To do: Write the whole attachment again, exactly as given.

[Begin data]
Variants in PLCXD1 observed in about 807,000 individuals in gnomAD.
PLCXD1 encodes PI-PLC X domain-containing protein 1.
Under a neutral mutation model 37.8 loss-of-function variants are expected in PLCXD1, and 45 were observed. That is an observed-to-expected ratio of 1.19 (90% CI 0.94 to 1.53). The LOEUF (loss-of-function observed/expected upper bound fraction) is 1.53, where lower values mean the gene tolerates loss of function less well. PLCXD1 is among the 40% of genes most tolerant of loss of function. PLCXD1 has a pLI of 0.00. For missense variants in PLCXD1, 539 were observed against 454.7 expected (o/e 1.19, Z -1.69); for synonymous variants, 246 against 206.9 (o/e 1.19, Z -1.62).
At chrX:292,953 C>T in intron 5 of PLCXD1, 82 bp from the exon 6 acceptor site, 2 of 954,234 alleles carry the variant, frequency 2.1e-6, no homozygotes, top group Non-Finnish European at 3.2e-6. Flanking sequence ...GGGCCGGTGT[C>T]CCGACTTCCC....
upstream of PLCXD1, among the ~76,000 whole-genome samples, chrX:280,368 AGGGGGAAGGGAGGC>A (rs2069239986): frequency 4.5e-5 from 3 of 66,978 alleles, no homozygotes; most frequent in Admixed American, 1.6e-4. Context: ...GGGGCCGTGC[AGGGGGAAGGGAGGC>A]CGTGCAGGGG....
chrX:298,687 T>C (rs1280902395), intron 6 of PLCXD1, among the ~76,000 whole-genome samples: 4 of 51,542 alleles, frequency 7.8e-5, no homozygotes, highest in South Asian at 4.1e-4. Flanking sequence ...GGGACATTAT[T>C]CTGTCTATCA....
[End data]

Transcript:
Variants in PLCXD1 observed in about 807,000 individuals in gnomAD.
PLCXD1 encodes PI-PLC X domain-containing protein 1.
Under a neutral mutation model 37.8 loss-of-function variants are expected in PLCXD1, and 45 were observed. That is an observed-to-expected ratio of 1.19 (90% CI 0.94 to 1.53). The LOEUF (loss-of-function observed/expected upper bound fraction) is 1.53, where lower values mean the gene tolerates loss of function less well. PLCXD1 is among the 40% of genes most tolerant of loss of function. PLCXD1 has a pLI of 0.00. For missense variants in PLCXD1, 539 were observed against 454.7 expected (o/e 1.19, Z -1.69); for synonymous variants, 246 against 206.9 (o/e 1.19, Z -1.62).
At chrX:292,953 C>T in intron 5 of PLCXD1, 82 bp from the exon 6 acceptor site, 2 of 954,234 alleles carry the variant, frequency 2.1e-6, no homozygotes, top group Non-Finnish European at 3.2e-6. Flanking sequence ...GGGCCGGTGT[C>T]CCGACTTCCC....
upstream of PLCXD1, among the ~76,000 whole-genome samples, chrX:280,368 AGGGGGAAGGGAGGC>A (rs2069239986): frequency 4.5e-5 from 3 of 66,978 alleles, no homozygotes; most frequent in Admixed American, 1.6e-4. Context: ...GGGGCCGTGC[AGGGGGAAGGGAGGC>A]CGTGCAGGGG....
chrX:298,687 T>C (rs1280902395), intron 6 of PLCXD1, among the ~76,000 whole-genome samples: 4 of 51,542 alleles, frequency 7.8e-5, no homozygotes, highest in South Asian at 4.1e-4. Flanking sequence ...GGGACATTAT[T>C]CTGTCTATCA....